Santi Vito e Modesto, Rome
This article relies largely or entirely on a single source. (August 2017)
Santi Vito e Modesto is a Roman Catholic church, and appears to have two facades, a 20th-century marble facade on Via Carlo Alberto, but a rustic brick older entrance, in reality the apse, on the Via San Vito in the Rione Esquilino of Rome, Italy. It has also been called Santi Vito, Modesto e Crescenzia (Saints Vito, Modesto and Crescenzia). It is located , adjacent to the Servian Wall, near the Oratory of Santa Maria Immacolata della Concezione. .
This area was previously part of the Macellum Liviae, and the market included a inside a large basilica building, later a church, putative identified as the Basilica Sicinium (now identified with the church of Santa Maria Maggiore) mentioned by the historian Ammianus Marcellinus in the 4th century. After the persecutions of Domitian, the area was called the Macello Martyrum or "marketplace of the martyrs".
A church, titled San Vito in Macello Martyrum was first recorded in the Liber Pontificalis for the reign of Pope Leo III (795–816). The church was dedicated to St. Vitus, a 4th-century martyr in Sicily. He became very popular during the Middle Ages as the patron saint of those suffering from epilepsy, and was venerated as one of the Fourteen Holy Helpers. In England and other countries his name was mutated into "Guy" (as in Guy Fawkes), which in Italian became Guido.
The church was described as a diaconia, a center for the Church's charitable activities and received donations from Pope Leo. This implies that it was founded when there was still a local residential population to be served from the time of its founding, likely in the 6th century, as the Esquiline began to lose its population about that time. Possibly in line with its ancient orientation, it became a titular church for a Cardinal Deacon in 1088. The first cardinal to receive this title was Leo of Ostia, a Benedictine monk.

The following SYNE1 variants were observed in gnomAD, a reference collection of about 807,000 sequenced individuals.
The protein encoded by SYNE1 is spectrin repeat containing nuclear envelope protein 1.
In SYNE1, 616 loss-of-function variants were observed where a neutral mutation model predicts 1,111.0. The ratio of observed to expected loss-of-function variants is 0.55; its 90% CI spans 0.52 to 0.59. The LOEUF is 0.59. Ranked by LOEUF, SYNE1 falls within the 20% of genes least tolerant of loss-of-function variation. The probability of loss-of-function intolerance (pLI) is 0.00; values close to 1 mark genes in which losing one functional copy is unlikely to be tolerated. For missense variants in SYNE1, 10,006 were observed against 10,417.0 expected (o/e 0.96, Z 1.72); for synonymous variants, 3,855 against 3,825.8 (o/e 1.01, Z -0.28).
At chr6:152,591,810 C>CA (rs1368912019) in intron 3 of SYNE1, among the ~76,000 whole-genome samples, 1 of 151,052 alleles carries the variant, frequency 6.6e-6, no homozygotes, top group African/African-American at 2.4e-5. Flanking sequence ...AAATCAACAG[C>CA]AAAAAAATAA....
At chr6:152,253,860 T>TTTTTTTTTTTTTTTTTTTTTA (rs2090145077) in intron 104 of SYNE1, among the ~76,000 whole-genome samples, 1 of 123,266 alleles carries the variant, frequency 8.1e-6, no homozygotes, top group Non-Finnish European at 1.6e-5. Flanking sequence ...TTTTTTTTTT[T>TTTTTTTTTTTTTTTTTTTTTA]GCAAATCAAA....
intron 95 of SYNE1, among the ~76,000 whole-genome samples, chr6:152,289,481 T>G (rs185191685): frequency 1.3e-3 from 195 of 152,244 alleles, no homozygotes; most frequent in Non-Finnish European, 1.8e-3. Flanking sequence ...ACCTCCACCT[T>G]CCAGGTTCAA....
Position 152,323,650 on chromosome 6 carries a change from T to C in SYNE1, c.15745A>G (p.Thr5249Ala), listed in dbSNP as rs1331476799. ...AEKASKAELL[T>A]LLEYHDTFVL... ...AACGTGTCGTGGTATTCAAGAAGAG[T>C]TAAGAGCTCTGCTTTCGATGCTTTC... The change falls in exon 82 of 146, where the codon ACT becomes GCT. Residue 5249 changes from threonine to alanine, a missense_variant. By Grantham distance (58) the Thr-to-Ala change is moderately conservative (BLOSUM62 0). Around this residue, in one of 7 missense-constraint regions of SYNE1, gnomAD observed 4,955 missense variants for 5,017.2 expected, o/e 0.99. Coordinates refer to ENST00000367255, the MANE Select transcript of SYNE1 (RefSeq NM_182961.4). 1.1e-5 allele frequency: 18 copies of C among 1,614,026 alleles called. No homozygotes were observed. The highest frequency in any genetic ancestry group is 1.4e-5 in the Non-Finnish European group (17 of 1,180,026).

In that same period a legend describing the martyrdom of St. Vitus became popular. This legend associated him with two other martyrs called Modestus and Crescentia who were identified as a married couple, his childhood tutor and nursemaid. As a result, the church was renamed San Vitale e Modesto in Macello Martyrum, which was also the name of the cardinalate. Later in the Middle Ages the cardinalate was renamed Santi Vitale, Modesto e Crescentia, but the church came to be called simply Santi Vito e Modesto, and the Macello Martyrum was forgotten.
By the 15th century the church had fallen into ruins. One source mentions the church was always suspect due to links to heresy under Pope Damasus I in the 4th century. It was rebuilt a parish church by 1474-1477 by Pope Sixtus IV near the original site. The church has housed multiple orders: in the 15th century, it was linked to nuns under the order of St Bernard. In 1685, it was entrusted to the Cistercian monks. They established a small monastery adjacent to the church, which served as the residence of the Procurator General of the Order. Later it passed on to other clerical orders. In 1834, the church had a major restoration under the architect Pietro Camporese il Giovane, and in 1900 by Alfredo Ricci who added the modern facade.
According to Mas Latrie, this deaconry became a title from 1477 until 1480, when it was returned to its older rank as a Cardinal-Deaconry. and again in 1565 when Pope Pius IV (1559–1565) created 23 new cardinals. It underwent a series of reconstructions in the following centuries. In the 19th century, it was occupied by a Polish order, known for ministering to the rabid. Pope Sixtus V listed it among the deaconries in his apostolic constitution Religiosa.
The interior has frescoes of the Madonna, child, and Saints attributed to Antoniazzo Romano. It also has 19th-century frescoes depicting the Madonna offering the Rosary to Saints Dominic and Catherine of Siena. The main altar has a painting by Pasqualino Marini.
Cardinal Deacons since 1754
- Luigi Maria Torregiani (1754–1765)
- Andrea Negroni (1765–1779)
- Giovanni Serafini (1843–1846)
- Vincenzo Santucci (1853–1854)
- Gaspare Grasselini (1856–1867)
- Edoardo Borromeo (1868–1878)
- Carlo Cristofori (1885–1891)
- Francesco di Paola Cassetta, in commendam (1901–1919)
- Eugène Tisserant (1936–1937); pro illa vice title (1937–1939)
- José Bueno y Monreal, pro illa vice title (1958–1987)
- Umberto Betti, O.F.M. (2007–2009)
- Giuseppe Bertello (2012– )
- Odescalchi Pietro (1837). Notizie de' nuovi lavori eseguiti nella diaconia de' Ss. Vito e Modesto. Roma, tip. Aureli, 1837.
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